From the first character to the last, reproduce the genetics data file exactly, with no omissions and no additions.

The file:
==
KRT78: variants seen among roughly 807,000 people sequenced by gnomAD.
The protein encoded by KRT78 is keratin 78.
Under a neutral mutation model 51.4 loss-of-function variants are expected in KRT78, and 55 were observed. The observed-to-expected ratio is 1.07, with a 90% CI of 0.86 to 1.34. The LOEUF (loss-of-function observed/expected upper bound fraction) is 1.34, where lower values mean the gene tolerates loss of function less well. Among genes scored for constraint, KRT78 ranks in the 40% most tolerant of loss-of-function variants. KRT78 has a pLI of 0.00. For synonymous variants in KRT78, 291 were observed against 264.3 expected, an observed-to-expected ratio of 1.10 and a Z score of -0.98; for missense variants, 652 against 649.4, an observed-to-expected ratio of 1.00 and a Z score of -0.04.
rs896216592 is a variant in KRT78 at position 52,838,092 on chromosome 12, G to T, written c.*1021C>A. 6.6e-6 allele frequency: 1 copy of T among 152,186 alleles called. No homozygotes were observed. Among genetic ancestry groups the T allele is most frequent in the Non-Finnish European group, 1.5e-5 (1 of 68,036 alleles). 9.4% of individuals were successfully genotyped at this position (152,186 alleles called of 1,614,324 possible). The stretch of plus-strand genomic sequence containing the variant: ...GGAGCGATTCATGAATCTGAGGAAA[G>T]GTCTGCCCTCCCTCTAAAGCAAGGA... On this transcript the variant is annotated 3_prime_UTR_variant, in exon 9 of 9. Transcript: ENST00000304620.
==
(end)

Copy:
KRT78: variants seen among roughly 807,000 people sequenced by gnomAD.
The protein encoded by KRT78 is keratin 78.
Under a neutral mutation model 51.4 loss-of-function variants are expected in KRT78, and 55 were observed. The observed-to-expected ratio is 1.07, with a 90% CI of 0.86 to 1.34. The LOEUF (loss-of-function observed/expected upper bound fraction) is 1.34, where lower values mean the gene tolerates loss of function less well. Among genes scored for constraint, KRT78 ranks in the 40% most tolerant of loss-of-function variants. KRT78 has a pLI of 0.00. For synonymous variants in KRT78, 291 were observed against 264.3 expected, an observed-to-expected ratio of 1.10 and a Z score of -0.98; for missense variants, 652 against 649.4, an observed-to-expected ratio of 1.00 and a Z score of -0.04.
rs896216592 is a variant in KRT78 at position 52,838,092 on chromosome 12, G to T, written c.*1021C>A. 6.6e-6 allele frequency: 1 copy of T among 152,186 alleles called. No homozygotes were observed. Among genetic ancestry groups the T allele is most frequent in the Non-Finnish European group, 1.5e-5 (1 of 68,036 alleles). 9.4% of individuals were successfully genotyped at this position (152,186 alleles called of 1,614,324 possible). The stretch of plus-strand genomic sequence containing the variant: ...GGAGCGATTCATGAATCTGAGGAAA[G>T]GTCTGCCCTCCCTCTAAAGCAAGGA... On this transcript the variant is annotated 3_prime_UTR_variant, in exon 9 of 9. Transcript: ENST00000304620.